Fingers reading braille on paper

World Braille Usage

Often described as “the braille bible,” World Braille Usage is a compilation of braille codes for languages from around the globe. Download it here.

About the third edition

“World Braille Usage” is a compilation of braille codes for 133 languages from around the globe. The reference book answers educators’ questions about proper braille usage and promotes consistency within each country’s braille code. It also preserves braille codes for rare and endangered languages.

Perkins School for the Blind partnered with the National Library Service for the Blind and Print Disabled Library of Congress and the International Council on English Braille to update the latest “World Braille Usage.”

This latest edition made a special effort to collect braille codes for indigenous and mother-tongue languages, allowing more students to learn braille in a language they grew up speaking.

All languages in the book are based on a standardized system of phonetics, which makes possible the inclusion of character-based languages such as Mandarin. The latest edition also includes eight of the most commonly used tribal languages in South Africa, as well as Iñupiaq from Alaska, Khmer from Cambodia and Ndebele from Zimbabwe.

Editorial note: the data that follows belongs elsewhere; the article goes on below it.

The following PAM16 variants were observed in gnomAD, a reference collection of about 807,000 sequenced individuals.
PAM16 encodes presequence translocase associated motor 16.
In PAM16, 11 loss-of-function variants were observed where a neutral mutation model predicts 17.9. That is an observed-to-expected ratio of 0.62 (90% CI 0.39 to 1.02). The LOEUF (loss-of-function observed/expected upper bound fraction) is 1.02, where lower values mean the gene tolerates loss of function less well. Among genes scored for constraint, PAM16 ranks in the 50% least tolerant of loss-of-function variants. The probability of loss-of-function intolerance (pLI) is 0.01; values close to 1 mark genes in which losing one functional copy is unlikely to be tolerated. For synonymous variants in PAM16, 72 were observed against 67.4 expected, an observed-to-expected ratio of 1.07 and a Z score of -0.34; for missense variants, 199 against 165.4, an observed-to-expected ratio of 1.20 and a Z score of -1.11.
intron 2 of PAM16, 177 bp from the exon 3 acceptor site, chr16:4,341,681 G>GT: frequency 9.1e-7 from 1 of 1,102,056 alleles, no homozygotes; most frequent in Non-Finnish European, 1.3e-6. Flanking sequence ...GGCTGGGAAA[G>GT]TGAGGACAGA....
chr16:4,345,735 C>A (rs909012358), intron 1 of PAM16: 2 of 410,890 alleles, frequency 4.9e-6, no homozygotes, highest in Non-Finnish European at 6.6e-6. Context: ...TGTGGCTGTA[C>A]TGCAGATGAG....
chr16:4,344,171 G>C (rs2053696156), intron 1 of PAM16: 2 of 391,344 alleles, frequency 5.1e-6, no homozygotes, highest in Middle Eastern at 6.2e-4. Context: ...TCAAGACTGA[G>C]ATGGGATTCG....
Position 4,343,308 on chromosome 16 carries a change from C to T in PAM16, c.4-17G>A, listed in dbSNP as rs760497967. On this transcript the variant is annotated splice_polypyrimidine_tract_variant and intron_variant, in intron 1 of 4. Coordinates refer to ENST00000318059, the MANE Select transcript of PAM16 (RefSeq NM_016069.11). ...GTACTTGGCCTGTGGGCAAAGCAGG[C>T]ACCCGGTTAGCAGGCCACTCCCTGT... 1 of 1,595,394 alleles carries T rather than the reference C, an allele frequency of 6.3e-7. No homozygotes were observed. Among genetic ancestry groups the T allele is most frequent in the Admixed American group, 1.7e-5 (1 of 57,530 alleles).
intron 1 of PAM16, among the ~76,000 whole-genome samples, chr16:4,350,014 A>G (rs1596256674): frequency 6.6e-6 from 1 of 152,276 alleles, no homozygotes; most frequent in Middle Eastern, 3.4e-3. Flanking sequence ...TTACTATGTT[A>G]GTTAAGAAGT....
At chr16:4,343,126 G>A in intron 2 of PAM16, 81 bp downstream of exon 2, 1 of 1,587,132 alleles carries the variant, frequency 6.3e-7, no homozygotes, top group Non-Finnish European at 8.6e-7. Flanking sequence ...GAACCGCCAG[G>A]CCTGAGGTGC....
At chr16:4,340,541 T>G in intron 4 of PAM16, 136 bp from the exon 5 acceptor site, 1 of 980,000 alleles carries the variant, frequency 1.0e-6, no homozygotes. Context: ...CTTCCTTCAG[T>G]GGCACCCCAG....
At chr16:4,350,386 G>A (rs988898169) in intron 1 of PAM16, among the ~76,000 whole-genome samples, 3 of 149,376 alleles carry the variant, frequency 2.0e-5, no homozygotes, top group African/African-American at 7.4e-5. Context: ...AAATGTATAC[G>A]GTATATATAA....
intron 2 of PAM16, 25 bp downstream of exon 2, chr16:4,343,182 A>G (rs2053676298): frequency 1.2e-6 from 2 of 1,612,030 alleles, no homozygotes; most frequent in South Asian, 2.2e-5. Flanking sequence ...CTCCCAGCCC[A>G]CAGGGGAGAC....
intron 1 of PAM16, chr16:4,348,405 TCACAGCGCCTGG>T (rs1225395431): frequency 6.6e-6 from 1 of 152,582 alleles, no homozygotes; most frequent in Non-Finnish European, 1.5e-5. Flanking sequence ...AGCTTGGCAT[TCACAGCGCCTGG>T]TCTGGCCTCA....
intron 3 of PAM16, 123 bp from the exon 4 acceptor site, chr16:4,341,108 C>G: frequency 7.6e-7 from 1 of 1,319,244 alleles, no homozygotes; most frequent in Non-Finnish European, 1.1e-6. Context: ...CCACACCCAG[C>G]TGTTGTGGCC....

“World Braille Usage” was first published in 1953, with the second edition published in 1990 and the current third edition published in 2013. The 2013 edition is available for download as a PDF for print and braille formatted electronic files.

Download the print and electronic braille versions

Use the following links to download the print and electronic braille versions. Below the links are notes about both versions, including accessibility and embossing.

Print note

Because of the highly graphical nature of the PDF, many of the symbols used for the characters are not readily accessible to assistive technology users.

Electronic Braille note

Electronic braille is a format accessible to users within the braille-reading community. The electronic braille version is in five volumes, each with its own .brf file presented in uncontracted braille. If you plan to emboss a paper hardcopy, please note these files are 25 lines by 40 cells.

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